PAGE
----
Women struggle and write their way to motherhood

November 12, 1992|By Knight-Ridder News Service

They met at last on the "Sally Jessy Raphael" show, taking one good look before hugging as they'd been instructed: chest to chest, cheek to cheek, faces to the camera.

Barbara Shulgood and Lynne Sipiora, dear to each other as two can possibly be, were having intimacy on cue. How appropriate. The two women are battle-scarred veterans of infertility treatment, where that is sine qua non.

"Dear Barbara, Dear Lynne" (Addison-Wesley Publishing; $19.95) is their new book of letters to each other, written over three years of struggle to become parents.

They appeared on the "Sally Jessy" show -- and a host of othershows, regional and national -- over the past six weeks to talk about the struggle, and the book.

Their correspondence began in February 1985, with a desperate cry from Barbara -- a brief note about her loneliness -- published in a newsletter for the infertile. She garnered many replies, but only one soulmate. Lynne lived halfway across the country, and the two tacitly decided not to meet until both achieved motherhood.

Yet they held nothing back from the pages of their letters. It is a tale of raw heartache, black humor and sheer grit that got them to that carefully choreographed rendezvous on national TV. They hugged. They drew back and looked at each other hard again. "You're beautiful," Barbara said to Lynne.

Consummation! Under the klieg lights.

Oy, as Barbara would say, how did they ever make it?

The emotional isolation. The poisonous anger. The jealousy that blazes over every scrap of someone else's good fortune: a neighbor wheeling a baby by in a stroller, an announcement over the loudspeaker at Sears about a "baby sale."

Then the really big blows. The newborn girl who is everything Barbara and her husband could ever want -- for five days, until her birth mother takes her back. Another baby girl handed to Lynne by her birth mother just after she is born, but who dies before the end of the day.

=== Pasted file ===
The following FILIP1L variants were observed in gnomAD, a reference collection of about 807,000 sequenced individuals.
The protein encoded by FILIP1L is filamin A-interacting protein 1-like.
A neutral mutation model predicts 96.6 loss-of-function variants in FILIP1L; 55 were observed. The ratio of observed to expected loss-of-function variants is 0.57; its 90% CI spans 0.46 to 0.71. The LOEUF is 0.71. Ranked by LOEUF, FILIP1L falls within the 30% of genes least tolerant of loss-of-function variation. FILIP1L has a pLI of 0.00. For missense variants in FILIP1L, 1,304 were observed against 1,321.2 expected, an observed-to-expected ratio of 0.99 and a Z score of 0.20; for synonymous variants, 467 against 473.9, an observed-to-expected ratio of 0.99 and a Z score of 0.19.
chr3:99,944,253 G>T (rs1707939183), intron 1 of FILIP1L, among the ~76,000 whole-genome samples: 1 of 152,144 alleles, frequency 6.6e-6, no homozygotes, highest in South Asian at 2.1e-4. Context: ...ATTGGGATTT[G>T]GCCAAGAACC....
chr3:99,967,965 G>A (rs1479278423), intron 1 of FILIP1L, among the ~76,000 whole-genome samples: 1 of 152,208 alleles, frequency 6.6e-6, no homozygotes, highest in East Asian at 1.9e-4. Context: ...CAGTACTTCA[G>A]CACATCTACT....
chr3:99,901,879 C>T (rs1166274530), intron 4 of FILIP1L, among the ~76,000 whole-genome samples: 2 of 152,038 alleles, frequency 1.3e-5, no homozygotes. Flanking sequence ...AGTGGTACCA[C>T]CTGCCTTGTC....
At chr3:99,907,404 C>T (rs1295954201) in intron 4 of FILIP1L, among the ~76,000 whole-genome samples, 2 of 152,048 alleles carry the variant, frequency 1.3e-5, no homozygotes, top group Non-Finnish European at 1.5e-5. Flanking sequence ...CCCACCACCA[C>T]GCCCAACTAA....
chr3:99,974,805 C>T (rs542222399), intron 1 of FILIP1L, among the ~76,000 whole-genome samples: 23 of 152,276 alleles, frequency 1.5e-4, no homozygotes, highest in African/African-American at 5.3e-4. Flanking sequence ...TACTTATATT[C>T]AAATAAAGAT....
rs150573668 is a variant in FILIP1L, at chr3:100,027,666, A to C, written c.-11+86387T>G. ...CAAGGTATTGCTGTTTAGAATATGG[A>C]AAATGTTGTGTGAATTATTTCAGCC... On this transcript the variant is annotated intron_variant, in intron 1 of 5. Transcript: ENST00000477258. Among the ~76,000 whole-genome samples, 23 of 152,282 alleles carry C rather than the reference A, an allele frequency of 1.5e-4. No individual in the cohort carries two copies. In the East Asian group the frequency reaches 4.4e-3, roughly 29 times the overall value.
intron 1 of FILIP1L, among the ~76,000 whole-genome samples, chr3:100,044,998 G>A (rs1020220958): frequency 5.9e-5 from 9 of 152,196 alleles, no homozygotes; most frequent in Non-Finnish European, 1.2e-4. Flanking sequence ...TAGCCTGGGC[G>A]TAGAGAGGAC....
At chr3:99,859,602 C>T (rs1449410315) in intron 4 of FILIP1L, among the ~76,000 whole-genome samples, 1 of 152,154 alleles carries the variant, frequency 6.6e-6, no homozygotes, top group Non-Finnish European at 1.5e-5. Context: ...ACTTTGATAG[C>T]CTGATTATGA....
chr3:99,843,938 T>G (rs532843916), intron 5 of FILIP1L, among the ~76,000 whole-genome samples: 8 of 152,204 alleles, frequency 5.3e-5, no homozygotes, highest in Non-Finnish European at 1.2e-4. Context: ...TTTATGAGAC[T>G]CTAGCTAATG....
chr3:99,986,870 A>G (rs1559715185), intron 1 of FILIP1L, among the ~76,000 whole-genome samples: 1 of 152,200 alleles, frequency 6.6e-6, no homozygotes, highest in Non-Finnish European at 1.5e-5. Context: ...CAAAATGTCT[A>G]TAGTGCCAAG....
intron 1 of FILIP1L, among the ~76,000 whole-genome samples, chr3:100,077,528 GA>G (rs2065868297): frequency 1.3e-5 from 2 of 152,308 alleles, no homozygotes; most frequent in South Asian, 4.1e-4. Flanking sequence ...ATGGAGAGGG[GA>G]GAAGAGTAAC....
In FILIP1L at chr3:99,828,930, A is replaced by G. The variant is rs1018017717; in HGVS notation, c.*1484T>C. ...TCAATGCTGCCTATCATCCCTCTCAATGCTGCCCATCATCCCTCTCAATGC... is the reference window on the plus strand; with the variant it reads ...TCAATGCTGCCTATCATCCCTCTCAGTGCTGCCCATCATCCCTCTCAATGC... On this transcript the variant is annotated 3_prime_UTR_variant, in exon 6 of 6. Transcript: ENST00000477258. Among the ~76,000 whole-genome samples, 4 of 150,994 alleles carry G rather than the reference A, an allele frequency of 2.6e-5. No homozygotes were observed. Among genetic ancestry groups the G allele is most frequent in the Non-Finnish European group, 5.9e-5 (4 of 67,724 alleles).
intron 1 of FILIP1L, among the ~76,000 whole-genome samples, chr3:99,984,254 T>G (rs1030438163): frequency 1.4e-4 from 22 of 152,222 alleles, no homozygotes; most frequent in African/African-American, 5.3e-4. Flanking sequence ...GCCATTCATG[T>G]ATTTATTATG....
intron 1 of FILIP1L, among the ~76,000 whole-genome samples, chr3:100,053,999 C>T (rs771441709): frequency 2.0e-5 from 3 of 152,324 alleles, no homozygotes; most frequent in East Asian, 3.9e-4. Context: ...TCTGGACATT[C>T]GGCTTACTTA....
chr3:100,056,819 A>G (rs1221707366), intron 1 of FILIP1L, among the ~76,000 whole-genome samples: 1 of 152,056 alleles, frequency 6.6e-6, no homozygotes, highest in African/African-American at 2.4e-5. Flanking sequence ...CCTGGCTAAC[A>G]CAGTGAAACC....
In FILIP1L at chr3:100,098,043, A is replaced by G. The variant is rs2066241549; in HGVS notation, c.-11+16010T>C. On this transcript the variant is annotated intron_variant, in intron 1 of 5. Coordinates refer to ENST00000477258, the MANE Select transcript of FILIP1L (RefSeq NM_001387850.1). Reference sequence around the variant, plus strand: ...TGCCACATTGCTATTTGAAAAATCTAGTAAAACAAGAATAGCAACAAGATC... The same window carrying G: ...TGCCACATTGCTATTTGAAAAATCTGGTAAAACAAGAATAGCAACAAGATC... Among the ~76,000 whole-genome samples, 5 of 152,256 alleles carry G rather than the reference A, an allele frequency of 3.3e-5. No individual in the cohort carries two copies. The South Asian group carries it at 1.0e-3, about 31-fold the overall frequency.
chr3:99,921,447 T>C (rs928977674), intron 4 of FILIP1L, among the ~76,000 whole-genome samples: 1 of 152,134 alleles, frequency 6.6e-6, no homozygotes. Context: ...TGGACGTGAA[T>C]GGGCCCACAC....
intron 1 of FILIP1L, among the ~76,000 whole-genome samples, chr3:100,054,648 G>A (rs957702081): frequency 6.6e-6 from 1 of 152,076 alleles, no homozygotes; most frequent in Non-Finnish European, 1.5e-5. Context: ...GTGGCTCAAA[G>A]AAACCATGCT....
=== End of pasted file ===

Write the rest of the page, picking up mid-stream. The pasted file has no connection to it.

Somehow, Barbara and Lynne do make it. They bleed for each other, exhort each other to hang in, get off a few bitterly witty one-liners, and manage to move on, time after time.

Millions of women and their partners are doing this every day. But the majority of the infertile are silent. What is remarkable about this book, liberating about it, is that it is something for all those people, and those who care about them, to hold onto.

Barbara, now 49 -- age 42 when the story starts -- a lifelong Californian, former schoolteacher, birdwatcher and committed feminist who has known since girlhood that motherhood was indispensable to her leading a meaningful life.

And Lynne, now 37 and living in Indiana, but oft-moved because of her husband's job, a woman who glories in fixing up old houses and in her work as a human resources manager, a stepmother to her husband's adolescent daughter -- which only complicates and escalates her desire to be a parent.

As their correspondence began, Barbara had already left the torture at the fertility doctor and moved on to the agonizing trials of private adoption. She is the trailblazer and plays the mentor-expert-older sister role in their relationship.

Acceptance. The women's letters teach it lyrically, like the Psalms. There are other lessons here as well: How to prepare for the worst while still hoping for the best. How to grieve, then finish feeling sad.

But the most searing lesson in the letters of Lynne and Barbara is about honesty. Somehow, these two spit out the most personal feelings of frustration, anger and jealousy in the most articulate way. It's shocking. But it really works. It heals, although that's exactly the kind of trendy self-help talk that makes these irreverent women squirm.

They're honest about their raging jealousies with each other -- even of each other. And the two have one outright argument, just before the end of the book. They rant and rave. Then they work it out.

When they met on TV, Barbara presented Lynne with a teapot because she ritually drank tea while reading Barbara's letters. Lynne gave Barbara one of four rings she inherited from her grandmother.

The rings had been meant for her daughters, the ones she fantasized would one day sit down with Barbara's two girls to read over some yellowed letters that all began "Dear Barbara, Dear Lynne." It was not to be.

Barbara took the letters to a publisher, who snapped them up long before they yellowed. And Lynne has sons; the second one was born to her only eight months ago, after a return to the fertility doctor.

Both women had planned blissful nonstop mothering; each quit her job to be home with children full-time. That fantasy didn't quite work out, either.

Here are Barbara and Lynne, out touring the country, trying to tamp down distress over the weeks away from home. Here they are, learning acceptance again, on another journey toward their children.


What: Infertility newsletter, published monthly by Resolve Inc., a national organization for the infertile.

L Contact: Resolve at (617) 623-1156, 9 a.m.-5 p.m. weekdays.

Baltimore Sun Articles
Please note the green-lined linked article text has been applied commercially without any involvement from our newsroom editors, reporters or any other editorial staff.